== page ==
1956 – Birth of an Olympic Games Host City for Rowing and Canoe/kayaking
The Olympic Rings monument was erected at the finishing line of the rowing, kayaking and canoeing course at Lake Wendouree after the completion of the 1956 Olympic Games and is a celebration of Ballarat’s participation. The unique and distinctive Australian design of the Olympic Rings resting on a boomerang universally symbolizes how Australians have upheld the Olympic ideals and recognizes the City of Ballarat as one of Australia’s first two Olympic Games Host Cities.
2000 – Return of the Flame
The Spirit of the Games returned to this site when the Olympic torch and flame visited Ballarat just prior to the 2000 Olympic Games. The surrounding base of the Olympic Rings monument was modified and pathways added with the names of Ballarat Olympians embedded, representing the athlete’s journey. A cauldron fountain to commemorate the return of the Olympic flame was also erected.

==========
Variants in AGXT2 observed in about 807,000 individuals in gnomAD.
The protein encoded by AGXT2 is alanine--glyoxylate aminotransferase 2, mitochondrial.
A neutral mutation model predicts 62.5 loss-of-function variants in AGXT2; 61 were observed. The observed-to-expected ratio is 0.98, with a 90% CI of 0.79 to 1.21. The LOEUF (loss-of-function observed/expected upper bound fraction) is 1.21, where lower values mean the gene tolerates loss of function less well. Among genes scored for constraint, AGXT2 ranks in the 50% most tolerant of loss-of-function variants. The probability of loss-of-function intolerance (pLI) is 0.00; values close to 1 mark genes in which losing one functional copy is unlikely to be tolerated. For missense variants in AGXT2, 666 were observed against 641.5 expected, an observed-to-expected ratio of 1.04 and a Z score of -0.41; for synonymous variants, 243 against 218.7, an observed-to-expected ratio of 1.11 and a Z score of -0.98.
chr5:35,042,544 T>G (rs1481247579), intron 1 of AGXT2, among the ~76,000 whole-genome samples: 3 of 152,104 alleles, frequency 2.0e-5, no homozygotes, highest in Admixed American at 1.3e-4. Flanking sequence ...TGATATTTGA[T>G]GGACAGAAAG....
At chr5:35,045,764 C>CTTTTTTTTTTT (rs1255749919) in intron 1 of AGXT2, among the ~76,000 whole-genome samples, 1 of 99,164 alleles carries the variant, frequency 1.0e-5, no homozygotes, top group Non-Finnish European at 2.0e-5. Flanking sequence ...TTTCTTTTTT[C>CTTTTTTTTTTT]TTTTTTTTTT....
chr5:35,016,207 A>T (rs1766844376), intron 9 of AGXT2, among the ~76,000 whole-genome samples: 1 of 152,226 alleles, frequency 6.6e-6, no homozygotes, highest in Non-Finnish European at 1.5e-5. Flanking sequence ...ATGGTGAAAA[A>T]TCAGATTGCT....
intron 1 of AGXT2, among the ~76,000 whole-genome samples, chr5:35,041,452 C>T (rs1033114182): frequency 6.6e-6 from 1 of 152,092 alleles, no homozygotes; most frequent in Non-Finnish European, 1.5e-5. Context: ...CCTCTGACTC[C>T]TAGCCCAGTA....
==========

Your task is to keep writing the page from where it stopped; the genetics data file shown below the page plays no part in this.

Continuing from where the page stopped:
2006 – Hearts and Minds Reunite
In 2006 Olympians from around the world who competed in the 1956 Olympic Games events at Lake Wendouree returned to this site for the 50th Anniversary celebration. The panels and columns define the Olympic Games precinct with an aerial perspective revealing the ripples made by an athlete’s blade as it cuts through the water.
The rowing, canoeing and kayaking events and medalists’ names face the water’s edge. The 1956 Olympic Games medal acknowledging ‘participation of all’ and the open vista of the Lake indicates Ballarat’s continued involvement in the Olympic Games Celebrations. The Athlete’s Oath and the Olympic Creed are placed on the inner walls.
Designed to invite interaction the bronze imprints at the site allow visitors to place their hand or foot to connect with a Ballarat Olympian. With room on the sides of the columns for our future Olympians, this site is a celebration of Ballarat’s past, present and future involvement.